Friday, April 26, 2013

Review: Pinocchio

Pinocchio, 1940

"A lie keeps growing and growing until it is as plain as the nose on your face."

Wow.  It's amazing that this movie came just three years after Snow White.  There are so many things that are BETTER - particularly the character development!  I think that it's in this movie that Disney really finds its voice which draws the viewer into becoming emotionally invested in the story.

The story opens with the same fairytale storybook theme, and we are immediately introduced to the characters.  Clearly, Disney realized that they are good at the animal thing, because they made Figaro (the cat) so stinkin' CUTE!!!  Figaro is probably my favorite character in the movie - he just has such a sassy personality!  Also, I just have to say...even the goldfish in this movie was more interesting than the character of Snow White.  Anyways....

Pinocchio is way darker than Snow White.  There's quite a few adult themes - some of which are quite terrifying.  First off, there is the whole kidnapping and child slavery aspect when Pinocchio is sold to Stromboli.  Poor Pinocchio gets locked in a cage and told that once he is too old for show business, he's going to be chopped into firewood.  Um...what?!  That is dark stuff, people.  But no - it gets even worse.  The whole concept of Pleasure Island is enough to keep any kid in line.  (Did Disney secretly just make this movie so that kids would behave and listen to their parents?)  There is a quote that the coach driver says: "Give a bad boy enough rope and he'll make a jackass of himself."  Quite literally.  The transformation of Pinocchio's friend, Lampwick, into a donkey is terrifying.  Imagine- these children have been turned into donkeys FOREVER.  They can no longer speak, they are being sold into hard labor, and they will never see their parents or family again.  Yikes.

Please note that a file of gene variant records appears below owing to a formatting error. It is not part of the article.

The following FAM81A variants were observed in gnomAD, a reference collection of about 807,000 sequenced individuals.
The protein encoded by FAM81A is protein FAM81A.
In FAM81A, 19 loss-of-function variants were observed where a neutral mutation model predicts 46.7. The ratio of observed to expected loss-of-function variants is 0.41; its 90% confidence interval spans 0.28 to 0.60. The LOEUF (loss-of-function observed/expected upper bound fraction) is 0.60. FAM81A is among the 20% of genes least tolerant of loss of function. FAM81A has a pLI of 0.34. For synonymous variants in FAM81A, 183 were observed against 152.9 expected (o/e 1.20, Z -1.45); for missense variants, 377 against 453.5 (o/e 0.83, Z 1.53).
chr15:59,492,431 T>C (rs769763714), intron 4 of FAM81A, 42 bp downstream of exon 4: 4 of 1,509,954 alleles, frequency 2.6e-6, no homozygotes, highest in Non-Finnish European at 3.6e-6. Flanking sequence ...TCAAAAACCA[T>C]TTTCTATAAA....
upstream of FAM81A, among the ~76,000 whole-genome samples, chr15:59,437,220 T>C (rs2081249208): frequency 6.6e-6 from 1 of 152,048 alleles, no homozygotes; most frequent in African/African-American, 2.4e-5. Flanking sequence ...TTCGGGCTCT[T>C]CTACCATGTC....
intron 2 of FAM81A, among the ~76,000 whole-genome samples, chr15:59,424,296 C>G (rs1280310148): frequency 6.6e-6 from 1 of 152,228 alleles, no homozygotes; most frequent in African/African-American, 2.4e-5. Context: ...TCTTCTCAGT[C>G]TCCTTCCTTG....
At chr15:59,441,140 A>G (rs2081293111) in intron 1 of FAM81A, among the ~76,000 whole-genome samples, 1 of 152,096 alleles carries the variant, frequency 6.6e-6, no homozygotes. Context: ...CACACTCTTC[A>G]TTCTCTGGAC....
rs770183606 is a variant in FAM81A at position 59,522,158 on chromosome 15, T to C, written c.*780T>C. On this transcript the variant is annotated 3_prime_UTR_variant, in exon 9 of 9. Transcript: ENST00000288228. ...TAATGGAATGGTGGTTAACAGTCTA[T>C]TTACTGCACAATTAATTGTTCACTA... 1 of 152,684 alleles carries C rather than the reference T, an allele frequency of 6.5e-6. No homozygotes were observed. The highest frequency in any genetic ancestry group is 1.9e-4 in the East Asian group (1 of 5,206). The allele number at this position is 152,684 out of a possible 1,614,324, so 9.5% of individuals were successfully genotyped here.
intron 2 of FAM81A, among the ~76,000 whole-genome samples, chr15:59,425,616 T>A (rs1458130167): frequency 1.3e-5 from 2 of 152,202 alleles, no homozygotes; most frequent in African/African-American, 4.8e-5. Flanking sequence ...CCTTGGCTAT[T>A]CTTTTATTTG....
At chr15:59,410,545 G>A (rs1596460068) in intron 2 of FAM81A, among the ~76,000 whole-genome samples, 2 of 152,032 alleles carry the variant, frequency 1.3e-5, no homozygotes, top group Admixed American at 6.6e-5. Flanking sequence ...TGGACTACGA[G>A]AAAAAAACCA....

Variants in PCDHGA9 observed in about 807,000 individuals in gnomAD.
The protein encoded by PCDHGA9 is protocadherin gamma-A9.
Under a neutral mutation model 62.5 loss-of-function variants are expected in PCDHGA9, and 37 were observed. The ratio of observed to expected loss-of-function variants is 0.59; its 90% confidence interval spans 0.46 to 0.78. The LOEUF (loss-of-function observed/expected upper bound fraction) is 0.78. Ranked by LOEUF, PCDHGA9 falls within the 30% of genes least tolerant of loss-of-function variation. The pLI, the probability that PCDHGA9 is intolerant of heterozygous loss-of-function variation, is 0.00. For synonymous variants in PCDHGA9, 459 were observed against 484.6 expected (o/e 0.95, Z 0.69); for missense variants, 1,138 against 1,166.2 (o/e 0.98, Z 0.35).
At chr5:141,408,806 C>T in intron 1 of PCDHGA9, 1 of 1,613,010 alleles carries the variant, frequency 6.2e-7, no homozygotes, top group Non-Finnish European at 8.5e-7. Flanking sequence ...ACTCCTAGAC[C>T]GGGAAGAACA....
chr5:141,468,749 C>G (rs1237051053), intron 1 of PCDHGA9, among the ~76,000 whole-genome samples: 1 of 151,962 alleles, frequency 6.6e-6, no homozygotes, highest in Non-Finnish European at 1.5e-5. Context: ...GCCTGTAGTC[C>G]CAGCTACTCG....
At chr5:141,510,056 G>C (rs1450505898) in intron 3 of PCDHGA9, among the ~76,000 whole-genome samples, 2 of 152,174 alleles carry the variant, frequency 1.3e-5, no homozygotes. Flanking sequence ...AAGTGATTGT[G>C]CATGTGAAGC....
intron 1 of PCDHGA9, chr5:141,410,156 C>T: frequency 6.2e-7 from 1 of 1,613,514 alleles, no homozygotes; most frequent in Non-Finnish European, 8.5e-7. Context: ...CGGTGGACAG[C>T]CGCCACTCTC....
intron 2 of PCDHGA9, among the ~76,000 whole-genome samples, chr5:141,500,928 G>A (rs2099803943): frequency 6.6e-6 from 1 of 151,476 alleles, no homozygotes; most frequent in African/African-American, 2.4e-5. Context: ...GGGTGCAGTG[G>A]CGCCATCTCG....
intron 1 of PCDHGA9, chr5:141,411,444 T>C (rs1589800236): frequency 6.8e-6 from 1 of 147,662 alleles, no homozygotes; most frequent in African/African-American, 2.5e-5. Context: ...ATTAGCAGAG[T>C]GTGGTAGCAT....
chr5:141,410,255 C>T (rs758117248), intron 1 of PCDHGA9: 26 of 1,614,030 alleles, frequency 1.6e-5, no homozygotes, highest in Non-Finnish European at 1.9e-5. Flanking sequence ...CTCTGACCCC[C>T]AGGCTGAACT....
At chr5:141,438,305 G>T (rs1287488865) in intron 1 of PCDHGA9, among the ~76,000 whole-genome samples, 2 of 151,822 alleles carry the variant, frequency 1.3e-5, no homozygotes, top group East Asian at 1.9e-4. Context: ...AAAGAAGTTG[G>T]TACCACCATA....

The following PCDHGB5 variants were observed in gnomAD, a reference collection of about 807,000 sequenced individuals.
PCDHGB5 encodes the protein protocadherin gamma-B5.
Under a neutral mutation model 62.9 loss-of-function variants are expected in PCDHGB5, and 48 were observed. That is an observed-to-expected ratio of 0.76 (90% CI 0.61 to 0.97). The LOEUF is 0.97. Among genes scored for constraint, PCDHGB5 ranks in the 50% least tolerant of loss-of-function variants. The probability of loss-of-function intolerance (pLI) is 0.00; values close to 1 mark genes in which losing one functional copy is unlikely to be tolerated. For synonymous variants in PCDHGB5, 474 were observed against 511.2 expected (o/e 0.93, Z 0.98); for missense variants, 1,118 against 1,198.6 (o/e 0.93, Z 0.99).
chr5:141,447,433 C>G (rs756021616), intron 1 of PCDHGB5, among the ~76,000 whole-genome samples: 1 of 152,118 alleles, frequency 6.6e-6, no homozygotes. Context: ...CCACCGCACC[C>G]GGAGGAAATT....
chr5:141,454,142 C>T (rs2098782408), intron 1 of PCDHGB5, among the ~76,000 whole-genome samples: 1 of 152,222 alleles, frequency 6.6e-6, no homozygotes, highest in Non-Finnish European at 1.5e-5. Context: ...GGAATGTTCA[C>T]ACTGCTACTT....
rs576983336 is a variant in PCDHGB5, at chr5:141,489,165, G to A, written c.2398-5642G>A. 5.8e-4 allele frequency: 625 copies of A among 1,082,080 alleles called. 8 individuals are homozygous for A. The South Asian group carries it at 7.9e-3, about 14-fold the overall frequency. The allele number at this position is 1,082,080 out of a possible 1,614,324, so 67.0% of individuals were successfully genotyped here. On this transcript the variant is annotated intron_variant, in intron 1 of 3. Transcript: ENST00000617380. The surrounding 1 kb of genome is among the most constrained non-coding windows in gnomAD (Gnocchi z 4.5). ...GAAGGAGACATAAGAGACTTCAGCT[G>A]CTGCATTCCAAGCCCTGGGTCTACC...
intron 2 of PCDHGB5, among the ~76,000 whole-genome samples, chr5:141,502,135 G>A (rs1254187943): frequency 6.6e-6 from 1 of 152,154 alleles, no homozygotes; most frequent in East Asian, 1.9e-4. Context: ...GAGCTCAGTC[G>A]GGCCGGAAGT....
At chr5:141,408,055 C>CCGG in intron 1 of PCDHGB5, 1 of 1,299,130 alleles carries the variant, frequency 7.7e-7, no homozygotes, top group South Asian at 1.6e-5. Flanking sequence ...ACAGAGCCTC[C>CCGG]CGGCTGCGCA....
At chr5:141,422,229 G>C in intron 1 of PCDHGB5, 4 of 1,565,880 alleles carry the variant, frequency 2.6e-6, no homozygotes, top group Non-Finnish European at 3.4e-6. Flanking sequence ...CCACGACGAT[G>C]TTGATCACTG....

Meanwhile, Pinocchio's father, Gepetto, is out looking for his boy.  The part that always makes me sad is when Gepetto has a big, fancy meal cooked and waiting for Pinocchio after his first day of school...and then Pinocchio never shows up.  The poor guy didn't even have his boy for one whole day before he goes missing.  Can you imagine how painful that would be?  And when they show the shot of Gepetto trudging through the streets in the pouring rain looking for his boy...oh man, that really pulls the heartstrings.

Of course, the movie ends happily.  Pinocchio saves his family from the stomach of a whale and finally proves that he is worthy to be a real boy.  They all live happily ever after.

Overall Grade:  A

 Yes, I do think that it's scary, and a little dark for a children's movie, but I just love how the character development draws us into the movie and really gets us emotionally invested.

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